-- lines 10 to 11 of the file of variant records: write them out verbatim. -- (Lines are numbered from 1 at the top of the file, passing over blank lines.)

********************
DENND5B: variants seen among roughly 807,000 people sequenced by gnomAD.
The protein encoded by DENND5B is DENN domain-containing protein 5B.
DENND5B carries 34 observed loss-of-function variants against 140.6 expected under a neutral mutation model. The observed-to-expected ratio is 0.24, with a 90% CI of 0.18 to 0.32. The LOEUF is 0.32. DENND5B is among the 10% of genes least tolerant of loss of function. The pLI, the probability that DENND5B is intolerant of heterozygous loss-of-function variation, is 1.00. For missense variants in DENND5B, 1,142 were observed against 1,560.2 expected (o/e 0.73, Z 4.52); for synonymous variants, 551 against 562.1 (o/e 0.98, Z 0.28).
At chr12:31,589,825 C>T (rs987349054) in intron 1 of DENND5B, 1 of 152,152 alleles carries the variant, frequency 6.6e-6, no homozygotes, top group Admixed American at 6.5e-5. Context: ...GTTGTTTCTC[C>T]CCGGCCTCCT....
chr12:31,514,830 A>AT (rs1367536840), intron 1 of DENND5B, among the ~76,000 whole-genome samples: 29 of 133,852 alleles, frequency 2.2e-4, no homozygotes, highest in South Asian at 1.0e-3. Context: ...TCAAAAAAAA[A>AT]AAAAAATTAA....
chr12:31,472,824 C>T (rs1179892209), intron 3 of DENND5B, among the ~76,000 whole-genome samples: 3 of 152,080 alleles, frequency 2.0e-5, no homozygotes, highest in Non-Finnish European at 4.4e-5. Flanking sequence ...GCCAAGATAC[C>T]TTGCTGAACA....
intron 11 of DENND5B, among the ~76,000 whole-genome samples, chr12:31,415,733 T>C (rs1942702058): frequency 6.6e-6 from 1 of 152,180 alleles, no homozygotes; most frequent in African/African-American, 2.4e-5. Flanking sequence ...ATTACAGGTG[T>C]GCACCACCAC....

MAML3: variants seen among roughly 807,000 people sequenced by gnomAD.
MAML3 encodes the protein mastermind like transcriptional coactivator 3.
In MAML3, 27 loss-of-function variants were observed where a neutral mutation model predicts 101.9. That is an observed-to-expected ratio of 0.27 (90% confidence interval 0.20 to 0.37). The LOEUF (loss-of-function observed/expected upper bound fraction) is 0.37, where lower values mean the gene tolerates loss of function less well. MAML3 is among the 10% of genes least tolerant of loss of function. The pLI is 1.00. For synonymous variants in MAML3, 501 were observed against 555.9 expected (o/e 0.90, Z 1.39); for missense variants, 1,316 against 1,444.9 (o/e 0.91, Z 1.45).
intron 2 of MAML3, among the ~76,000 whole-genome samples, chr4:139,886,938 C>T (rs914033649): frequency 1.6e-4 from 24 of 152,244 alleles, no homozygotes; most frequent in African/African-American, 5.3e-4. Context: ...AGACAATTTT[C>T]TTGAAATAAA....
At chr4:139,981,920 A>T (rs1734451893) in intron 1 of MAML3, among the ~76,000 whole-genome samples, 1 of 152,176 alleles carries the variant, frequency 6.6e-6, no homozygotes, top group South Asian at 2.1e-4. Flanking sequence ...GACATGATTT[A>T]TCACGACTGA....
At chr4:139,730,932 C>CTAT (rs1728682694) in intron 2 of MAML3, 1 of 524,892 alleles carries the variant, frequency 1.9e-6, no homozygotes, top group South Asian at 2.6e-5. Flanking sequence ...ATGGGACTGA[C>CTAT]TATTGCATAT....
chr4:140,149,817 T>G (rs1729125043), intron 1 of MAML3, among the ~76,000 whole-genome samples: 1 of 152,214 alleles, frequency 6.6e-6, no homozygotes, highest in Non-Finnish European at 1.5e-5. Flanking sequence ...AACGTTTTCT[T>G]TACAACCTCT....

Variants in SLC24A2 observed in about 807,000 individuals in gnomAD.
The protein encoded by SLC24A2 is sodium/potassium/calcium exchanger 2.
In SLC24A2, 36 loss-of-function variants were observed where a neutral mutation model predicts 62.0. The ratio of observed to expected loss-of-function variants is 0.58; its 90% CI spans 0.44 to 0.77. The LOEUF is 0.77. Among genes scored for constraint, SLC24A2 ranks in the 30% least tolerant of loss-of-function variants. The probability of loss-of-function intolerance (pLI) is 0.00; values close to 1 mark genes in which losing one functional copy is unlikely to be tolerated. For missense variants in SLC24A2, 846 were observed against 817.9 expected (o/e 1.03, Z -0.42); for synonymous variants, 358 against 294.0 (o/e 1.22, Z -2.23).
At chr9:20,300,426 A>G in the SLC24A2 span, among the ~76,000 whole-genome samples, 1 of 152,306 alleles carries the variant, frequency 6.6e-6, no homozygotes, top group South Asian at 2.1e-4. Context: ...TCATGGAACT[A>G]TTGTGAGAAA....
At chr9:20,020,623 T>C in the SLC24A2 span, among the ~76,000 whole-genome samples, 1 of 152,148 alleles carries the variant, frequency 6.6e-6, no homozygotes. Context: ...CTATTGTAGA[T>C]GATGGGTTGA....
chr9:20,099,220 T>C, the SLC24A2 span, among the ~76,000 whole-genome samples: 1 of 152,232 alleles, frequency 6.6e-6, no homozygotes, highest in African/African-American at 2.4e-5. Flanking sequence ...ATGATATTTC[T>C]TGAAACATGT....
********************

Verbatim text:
In MAML3, 27 loss-of-function variants were observed where a neutral mutation model predicts 101.9. That is an observed-to-expected ratio of 0.27 (90% confidence interval 0.20 to 0.37). The LOEUF (loss-of-function observed/expected upper bound fraction) is 0.37, where lower values mean the gene tolerates loss of function less well. MAML3 is among the 10% of genes least tolerant of loss of function. The pLI is 1.00. For synonymous variants in MAML3, 501 were observed against 555.9 expected (o/e 0.90, Z 1.39); for missense variants, 1,316 against 1,444.9 (o/e 0.91, Z 1.45).
intron 2 of MAML3, among the ~76,000 whole-genome samples, chr4:139,886,938 C>T (rs914033649): frequency 1.6e-4 from 24 of 152,244 alleles, no homozygotes; most frequent in African/African-American, 5.3e-4. Context: ...AGACAATTTT[C>T]TTGAAATAAA....